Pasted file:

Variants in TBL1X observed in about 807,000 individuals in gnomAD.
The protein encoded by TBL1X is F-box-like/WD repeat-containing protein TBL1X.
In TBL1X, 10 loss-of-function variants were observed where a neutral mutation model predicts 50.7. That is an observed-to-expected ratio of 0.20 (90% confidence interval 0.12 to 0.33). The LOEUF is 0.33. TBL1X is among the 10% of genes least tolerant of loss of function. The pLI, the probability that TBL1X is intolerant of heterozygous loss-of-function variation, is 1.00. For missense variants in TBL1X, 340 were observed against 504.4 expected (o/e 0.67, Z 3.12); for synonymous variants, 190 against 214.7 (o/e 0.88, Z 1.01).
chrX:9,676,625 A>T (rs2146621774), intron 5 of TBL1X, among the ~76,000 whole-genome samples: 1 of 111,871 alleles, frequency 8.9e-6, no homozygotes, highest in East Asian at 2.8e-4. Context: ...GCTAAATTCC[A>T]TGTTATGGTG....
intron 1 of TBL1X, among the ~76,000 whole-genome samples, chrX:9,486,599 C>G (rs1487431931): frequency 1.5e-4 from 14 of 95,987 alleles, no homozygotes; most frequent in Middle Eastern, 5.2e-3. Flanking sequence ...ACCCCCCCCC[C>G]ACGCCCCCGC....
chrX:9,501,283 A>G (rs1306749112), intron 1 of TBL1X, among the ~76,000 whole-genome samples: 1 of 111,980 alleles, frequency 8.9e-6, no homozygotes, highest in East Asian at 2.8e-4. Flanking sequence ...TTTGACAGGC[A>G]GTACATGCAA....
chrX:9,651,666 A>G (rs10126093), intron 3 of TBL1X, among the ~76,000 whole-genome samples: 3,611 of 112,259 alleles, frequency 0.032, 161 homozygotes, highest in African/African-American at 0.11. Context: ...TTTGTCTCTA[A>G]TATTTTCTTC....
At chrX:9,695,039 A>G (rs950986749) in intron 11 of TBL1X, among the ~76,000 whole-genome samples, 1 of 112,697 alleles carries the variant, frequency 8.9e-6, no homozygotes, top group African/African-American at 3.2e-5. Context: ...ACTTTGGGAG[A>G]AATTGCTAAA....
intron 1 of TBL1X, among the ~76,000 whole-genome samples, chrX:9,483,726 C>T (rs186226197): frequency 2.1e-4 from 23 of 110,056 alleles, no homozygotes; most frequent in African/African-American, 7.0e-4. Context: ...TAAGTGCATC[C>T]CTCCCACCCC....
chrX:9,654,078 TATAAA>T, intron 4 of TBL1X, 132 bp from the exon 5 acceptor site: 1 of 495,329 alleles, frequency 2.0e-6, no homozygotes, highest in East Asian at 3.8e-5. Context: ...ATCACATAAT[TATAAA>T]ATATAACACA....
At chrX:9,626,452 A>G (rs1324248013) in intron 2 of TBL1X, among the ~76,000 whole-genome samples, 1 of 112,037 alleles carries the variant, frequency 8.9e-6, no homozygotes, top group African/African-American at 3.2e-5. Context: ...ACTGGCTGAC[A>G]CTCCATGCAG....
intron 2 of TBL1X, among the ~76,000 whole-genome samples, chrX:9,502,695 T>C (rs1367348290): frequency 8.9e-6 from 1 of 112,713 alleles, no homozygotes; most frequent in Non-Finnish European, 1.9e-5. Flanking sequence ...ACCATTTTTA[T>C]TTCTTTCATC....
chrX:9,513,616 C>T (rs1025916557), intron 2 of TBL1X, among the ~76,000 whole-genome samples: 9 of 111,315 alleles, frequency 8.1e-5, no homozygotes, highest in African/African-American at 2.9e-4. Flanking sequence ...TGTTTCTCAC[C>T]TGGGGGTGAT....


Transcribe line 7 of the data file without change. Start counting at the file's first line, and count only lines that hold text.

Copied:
chrX:9,651,666 A>G (rs10126093), intron 3 of TBL1X, among the ~76,000 whole-genome samples: 3,611 of 112,259 alleles, frequency 0.032, 161 homozygotes, highest in African/African-American at 0.11. Context: ...TTTGTCTCTA[A>G]TATTTTCTTC....